People opposed to multiple transit solutions often argue that it’s not worth building bicycle lanes because nobody rides in the rain. They couldn’t be more wrong. A new study from Germany looked into the use of bikes during poor weather and found that places with good bicycling infrastructure had more cyclists during when it rains compared to cities without safe roads. Now we have scientific evidence that building bike lanes keep people on their bikes, so let’s build more of it!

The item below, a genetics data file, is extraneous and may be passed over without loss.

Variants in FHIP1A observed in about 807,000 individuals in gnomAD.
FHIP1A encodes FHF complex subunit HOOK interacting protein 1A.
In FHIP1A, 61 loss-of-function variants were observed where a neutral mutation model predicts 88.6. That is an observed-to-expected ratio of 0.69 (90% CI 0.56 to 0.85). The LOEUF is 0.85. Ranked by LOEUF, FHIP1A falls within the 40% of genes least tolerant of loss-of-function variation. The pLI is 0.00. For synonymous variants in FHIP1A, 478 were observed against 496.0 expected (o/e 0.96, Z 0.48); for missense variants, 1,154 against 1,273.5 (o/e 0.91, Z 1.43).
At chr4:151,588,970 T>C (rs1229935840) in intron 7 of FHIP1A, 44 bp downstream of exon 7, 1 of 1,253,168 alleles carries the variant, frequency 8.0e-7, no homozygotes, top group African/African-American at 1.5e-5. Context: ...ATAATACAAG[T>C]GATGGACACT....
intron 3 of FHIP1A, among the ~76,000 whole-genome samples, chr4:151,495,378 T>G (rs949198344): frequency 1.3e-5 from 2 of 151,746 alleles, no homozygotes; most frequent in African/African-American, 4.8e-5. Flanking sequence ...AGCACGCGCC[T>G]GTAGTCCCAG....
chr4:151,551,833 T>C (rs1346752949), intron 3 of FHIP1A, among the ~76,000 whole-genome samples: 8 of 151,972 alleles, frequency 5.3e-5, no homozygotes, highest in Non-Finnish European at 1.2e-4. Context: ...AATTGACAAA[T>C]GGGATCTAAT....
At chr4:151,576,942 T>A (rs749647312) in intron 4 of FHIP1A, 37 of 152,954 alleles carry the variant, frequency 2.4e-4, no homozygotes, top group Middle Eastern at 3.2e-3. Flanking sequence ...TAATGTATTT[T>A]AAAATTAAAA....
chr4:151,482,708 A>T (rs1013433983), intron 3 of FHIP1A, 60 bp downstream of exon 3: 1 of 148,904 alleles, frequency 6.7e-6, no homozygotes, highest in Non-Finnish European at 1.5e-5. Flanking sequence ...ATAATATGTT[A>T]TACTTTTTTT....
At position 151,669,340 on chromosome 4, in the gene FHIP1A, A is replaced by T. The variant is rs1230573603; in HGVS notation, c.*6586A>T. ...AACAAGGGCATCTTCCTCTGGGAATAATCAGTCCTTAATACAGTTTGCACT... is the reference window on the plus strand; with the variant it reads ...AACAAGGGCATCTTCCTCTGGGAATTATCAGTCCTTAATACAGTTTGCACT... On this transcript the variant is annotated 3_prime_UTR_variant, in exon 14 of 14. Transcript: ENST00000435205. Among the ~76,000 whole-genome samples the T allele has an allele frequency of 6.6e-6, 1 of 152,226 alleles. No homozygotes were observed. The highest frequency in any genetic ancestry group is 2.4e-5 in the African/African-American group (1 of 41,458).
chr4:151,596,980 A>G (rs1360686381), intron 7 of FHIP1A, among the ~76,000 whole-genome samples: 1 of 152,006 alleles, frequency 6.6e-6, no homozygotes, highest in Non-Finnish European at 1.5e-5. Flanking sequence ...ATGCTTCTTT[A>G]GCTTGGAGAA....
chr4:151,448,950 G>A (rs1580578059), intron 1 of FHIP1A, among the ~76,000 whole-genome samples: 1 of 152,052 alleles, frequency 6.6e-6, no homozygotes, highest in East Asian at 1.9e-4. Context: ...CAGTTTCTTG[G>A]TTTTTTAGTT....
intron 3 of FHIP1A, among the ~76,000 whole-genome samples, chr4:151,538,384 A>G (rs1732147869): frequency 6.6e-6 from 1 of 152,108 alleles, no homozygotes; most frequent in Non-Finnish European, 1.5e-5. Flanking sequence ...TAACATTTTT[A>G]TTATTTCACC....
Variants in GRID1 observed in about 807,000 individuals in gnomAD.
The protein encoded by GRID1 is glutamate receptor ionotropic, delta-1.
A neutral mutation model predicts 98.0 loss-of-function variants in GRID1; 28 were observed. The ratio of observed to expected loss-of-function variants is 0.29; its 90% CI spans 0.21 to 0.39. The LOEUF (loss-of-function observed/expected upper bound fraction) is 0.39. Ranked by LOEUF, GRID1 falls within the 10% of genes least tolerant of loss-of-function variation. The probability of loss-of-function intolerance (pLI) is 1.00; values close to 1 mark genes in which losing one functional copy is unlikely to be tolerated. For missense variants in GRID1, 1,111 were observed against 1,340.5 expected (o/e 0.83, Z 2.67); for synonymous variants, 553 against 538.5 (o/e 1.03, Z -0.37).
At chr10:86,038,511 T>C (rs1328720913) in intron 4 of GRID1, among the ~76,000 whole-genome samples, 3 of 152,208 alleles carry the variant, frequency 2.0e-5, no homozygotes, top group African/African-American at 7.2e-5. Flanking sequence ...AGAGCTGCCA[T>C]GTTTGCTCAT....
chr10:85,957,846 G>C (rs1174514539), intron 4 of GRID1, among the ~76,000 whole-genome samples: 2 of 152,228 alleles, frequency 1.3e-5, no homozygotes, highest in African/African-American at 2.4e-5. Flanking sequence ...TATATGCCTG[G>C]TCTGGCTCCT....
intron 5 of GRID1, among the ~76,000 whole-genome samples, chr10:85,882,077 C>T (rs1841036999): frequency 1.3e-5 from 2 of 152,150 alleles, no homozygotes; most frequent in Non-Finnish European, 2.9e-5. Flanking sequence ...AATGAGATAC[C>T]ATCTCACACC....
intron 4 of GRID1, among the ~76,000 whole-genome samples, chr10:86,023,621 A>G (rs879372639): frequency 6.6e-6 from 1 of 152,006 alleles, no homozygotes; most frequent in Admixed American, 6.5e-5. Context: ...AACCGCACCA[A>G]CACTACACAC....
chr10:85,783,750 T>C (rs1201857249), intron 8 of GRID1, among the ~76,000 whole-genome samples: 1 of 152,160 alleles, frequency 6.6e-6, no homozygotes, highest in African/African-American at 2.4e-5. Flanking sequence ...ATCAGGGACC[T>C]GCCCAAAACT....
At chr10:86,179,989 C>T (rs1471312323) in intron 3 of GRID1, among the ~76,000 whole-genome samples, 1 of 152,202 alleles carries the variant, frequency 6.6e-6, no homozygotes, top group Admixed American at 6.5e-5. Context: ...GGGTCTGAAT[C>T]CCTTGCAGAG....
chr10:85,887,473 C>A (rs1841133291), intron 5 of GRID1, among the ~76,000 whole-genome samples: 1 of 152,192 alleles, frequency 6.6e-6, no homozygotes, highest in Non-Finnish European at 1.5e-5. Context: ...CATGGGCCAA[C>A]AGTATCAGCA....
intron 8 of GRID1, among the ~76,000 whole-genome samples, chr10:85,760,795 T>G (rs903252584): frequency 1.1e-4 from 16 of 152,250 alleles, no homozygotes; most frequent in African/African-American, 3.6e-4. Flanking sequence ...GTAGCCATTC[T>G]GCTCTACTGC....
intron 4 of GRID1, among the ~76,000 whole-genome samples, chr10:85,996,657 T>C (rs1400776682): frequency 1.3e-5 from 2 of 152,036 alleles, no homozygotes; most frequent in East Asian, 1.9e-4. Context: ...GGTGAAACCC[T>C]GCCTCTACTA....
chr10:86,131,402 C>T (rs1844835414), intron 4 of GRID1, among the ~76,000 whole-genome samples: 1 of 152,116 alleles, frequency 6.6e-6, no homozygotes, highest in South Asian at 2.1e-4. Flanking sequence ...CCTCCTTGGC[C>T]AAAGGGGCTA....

Between cities and regions, not only cycling levels differ, but also the reactions of cyclists to adverse weather conditions. Using data from 122 automated bicycle counting stations in 30 German cities, and a composite index of adverse weather conditions that consists of air temperature, precipitation, wind speed, relative humidity, and cloud coverage, we calculate city-specific weather elasticities of the level of utilitarian cycling. The results show that these weather elasticities vary significantly between cities. Our next step is to analyze various determinants of weather elasticities, which reveals that the share of young inhabitants and the density of the cycle network have a positive impact on weather resilience. Based on the notion that resilience to adverse weather conditions reflects a revealed part of a city’s bicycle culture, the weather elasticities can be used to create a ranking of bicycle cities. This ranking is positively correlated with a ranking based on the modal share of cycling, as well as with other rankings based on stated preference surveys or external conditions such as infrastructure or cycling safety.